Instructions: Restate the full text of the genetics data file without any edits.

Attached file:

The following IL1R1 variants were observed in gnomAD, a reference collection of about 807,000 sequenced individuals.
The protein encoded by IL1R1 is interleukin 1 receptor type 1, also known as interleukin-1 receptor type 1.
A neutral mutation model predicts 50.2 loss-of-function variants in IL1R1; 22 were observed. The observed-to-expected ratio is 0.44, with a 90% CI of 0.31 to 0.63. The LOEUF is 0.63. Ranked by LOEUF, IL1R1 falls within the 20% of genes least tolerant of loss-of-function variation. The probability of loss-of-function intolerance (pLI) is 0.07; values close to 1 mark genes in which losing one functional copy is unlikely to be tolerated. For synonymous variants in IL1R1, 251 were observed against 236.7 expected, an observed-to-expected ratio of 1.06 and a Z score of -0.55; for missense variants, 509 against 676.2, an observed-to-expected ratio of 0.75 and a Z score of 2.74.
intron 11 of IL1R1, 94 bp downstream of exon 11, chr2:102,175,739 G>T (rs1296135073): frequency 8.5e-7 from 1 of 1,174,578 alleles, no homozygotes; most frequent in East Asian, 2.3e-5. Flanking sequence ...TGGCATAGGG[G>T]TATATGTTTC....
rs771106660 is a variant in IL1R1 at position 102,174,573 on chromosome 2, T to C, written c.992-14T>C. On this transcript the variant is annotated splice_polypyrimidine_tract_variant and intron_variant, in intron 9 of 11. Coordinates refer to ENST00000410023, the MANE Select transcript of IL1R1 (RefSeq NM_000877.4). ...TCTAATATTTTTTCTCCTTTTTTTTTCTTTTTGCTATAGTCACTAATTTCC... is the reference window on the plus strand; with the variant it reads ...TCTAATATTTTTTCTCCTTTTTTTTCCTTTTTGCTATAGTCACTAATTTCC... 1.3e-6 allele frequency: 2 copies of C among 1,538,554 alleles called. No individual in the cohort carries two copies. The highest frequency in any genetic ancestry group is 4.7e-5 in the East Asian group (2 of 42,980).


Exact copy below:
The following IL1R1 variants were observed in gnomAD, a reference collection of about 807,000 sequenced individuals.
The protein encoded by IL1R1 is interleukin 1 receptor type 1, also known as interleukin-1 receptor type 1.
A neutral mutation model predicts 50.2 loss-of-function variants in IL1R1; 22 were observed. The observed-to-expected ratio is 0.44, with a 90% CI of 0.31 to 0.63. The LOEUF is 0.63. Ranked by LOEUF, IL1R1 falls within the 20% of genes least tolerant of loss-of-function variation. The probability of loss-of-function intolerance (pLI) is 0.07; values close to 1 mark genes in which losing one functional copy is unlikely to be tolerated. For synonymous variants in IL1R1, 251 were observed against 236.7 expected, an observed-to-expected ratio of 1.06 and a Z score of -0.55; for missense variants, 509 against 676.2, an observed-to-expected ratio of 0.75 and a Z score of 2.74.
intron 11 of IL1R1, 94 bp downstream of exon 11, chr2:102,175,739 G>T (rs1296135073): frequency 8.5e-7 from 1 of 1,174,578 alleles, no homozygotes; most frequent in East Asian, 2.3e-5. Flanking sequence ...TGGCATAGGG[G>T]TATATGTTTC....
rs771106660 is a variant in IL1R1 at position 102,174,573 on chromosome 2, T to C, written c.992-14T>C. On this transcript the variant is annotated splice_polypyrimidine_tract_variant and intron_variant, in intron 9 of 11. Coordinates refer to ENST00000410023, the MANE Select transcript of IL1R1 (RefSeq NM_000877.4). ...TCTAATATTTTTTCTCCTTTTTTTTTCTTTTTGCTATAGTCACTAATTTCC... is the reference window on the plus strand; with the variant it reads ...TCTAATATTTTTTCTCCTTTTTTTTCCTTTTTGCTATAGTCACTAATTTCC... 1.3e-6 allele frequency: 2 copies of C among 1,538,554 alleles called. No individual in the cohort carries two copies. The highest frequency in any genetic ancestry group is 4.7e-5 in the East Asian group (2 of 42,980).